An e-sports hotel gaming room in Baoji city in Northwest China's Shaanxi Province Photo: IC
China's new draft regulation for online games released on Friday has sparked intense discussion within the industry. The888slot apk move demonstrates the country's ongoing efforts to regulate the gaming industry and promote its healthy devel-opment in accordance with the law, according to experts.
The National Press and Publication Administration (NPPA) on Friday released a draft regulation on the management of online games with a focus on setting restrictions on excessive use of and high spending on games. The draft rule is currently soliciting public opinion.
According to the draft regulation, online games should not offer inducement rewards such as daily login rewards, first-time recharge rewards, or continuous recharge rewards. The publishing and operating units of online games are not allowed to provide high-priced game props trading through hype or auctions. All online games must set a limit on user recharge amounts, and should provide pop-up warnings to remind users about irrational consumption behavior.
Among other things, it stressed that online games must not disclose national secrets, harm national security, or harm the nation's honor and interests.
The draft measures also emphasize the protection of personal information and minors. This includes setting caps on game spending of minors at different ages and prohibiting minors from giving tips during live-steaming online games.
The restriction on game spending has sparked discussion across the industry, with some worrying that it will weigh on the profits of gaming companies.
Hong Kong-listed gaming stocks, including Tencent, nosedived following the release of the draft. Tencent shares slid 12.4 percent while NetEase shares plunged 24.6 percent as of Friday closing.
Zhang Wei, vice-president of Tencent Interactive Entertainment, said the new draft measure does not fundamentally change key elements such as the busi-ness model and operational pace of the gaming industry.
"The regulatory authorities have released the new draft of the management measures to seek opinions from the industry, which is more conducive to the orderly and healthy development of the gaming industry," Zhang said.
The Chinese gaming industry has been quick to study and navigate the draft rule.
"It will change the operation mode of each phase of game publishing and operation, such as game research, maintenance and promotion," a business insider in Guangzhou who works in the game publicity sector and preferred not to be identified told the Global Times on Friday.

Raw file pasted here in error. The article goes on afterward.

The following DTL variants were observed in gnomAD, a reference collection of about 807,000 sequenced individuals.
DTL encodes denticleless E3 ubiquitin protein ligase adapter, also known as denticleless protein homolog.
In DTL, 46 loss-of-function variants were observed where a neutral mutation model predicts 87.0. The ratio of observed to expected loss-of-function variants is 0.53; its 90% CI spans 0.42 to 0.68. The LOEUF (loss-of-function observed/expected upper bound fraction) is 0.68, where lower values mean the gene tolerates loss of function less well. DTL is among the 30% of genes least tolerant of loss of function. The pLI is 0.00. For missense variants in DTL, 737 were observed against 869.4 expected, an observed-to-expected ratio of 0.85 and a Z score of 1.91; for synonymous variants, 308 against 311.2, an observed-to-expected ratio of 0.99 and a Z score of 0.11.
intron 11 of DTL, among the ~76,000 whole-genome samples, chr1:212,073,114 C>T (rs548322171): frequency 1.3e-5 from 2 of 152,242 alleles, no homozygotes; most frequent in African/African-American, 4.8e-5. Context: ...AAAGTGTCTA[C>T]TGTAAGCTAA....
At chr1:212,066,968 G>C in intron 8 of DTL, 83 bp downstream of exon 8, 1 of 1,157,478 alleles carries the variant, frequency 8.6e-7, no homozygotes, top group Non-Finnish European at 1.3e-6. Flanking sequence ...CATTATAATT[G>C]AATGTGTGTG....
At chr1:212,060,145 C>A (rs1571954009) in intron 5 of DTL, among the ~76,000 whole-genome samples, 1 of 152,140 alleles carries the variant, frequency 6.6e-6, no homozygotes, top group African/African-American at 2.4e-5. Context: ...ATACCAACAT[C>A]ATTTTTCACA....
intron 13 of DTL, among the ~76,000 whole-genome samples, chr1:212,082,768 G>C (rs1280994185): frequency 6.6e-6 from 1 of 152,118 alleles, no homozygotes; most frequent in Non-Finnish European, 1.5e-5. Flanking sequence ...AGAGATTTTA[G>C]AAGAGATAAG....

Some argue that current drafts do not necessarily mean they will be implemented as is.
"It may be finalized after hearing industry feedback and making adjustments," a game developer surnamed Cheng, based in South China's Shenzhen, told the Global Times on Friday.
Since it is a draft for soliciting opinions, all sectors can express their views at this stage in order to make the draft rule practical and more refined, thepaper.cn reported, citing insiders from China Audio-video and Digital Publishing Association.
The new draft rule represents another step taken by China to regulate the gam-ing market, following proactive measures by regulatory authorities to address online gaming addiction among minors in 2021.
In recent years, various laws and regulations have been introduced in the gaming industry and other internet sectors that have been beneficial for the standardized and healthy development of these industries, Liu Dingding, a veteran internet industry observer, told the Global Times.
According to the 2023 China Game Industry Report issued on December 14, the actual sales revenue of the Chinese gaming market in 2023 reached 302.964 billion yuan ($42.51 billion), representing a year-on-year growth of 13.95 percent. This marks the first time the market has surpassed the 300 billion yuan mark.
In 2023, the number of Chinese gaming users reached a record 668 million, with a record year-on-year growth of 0.61 percent.
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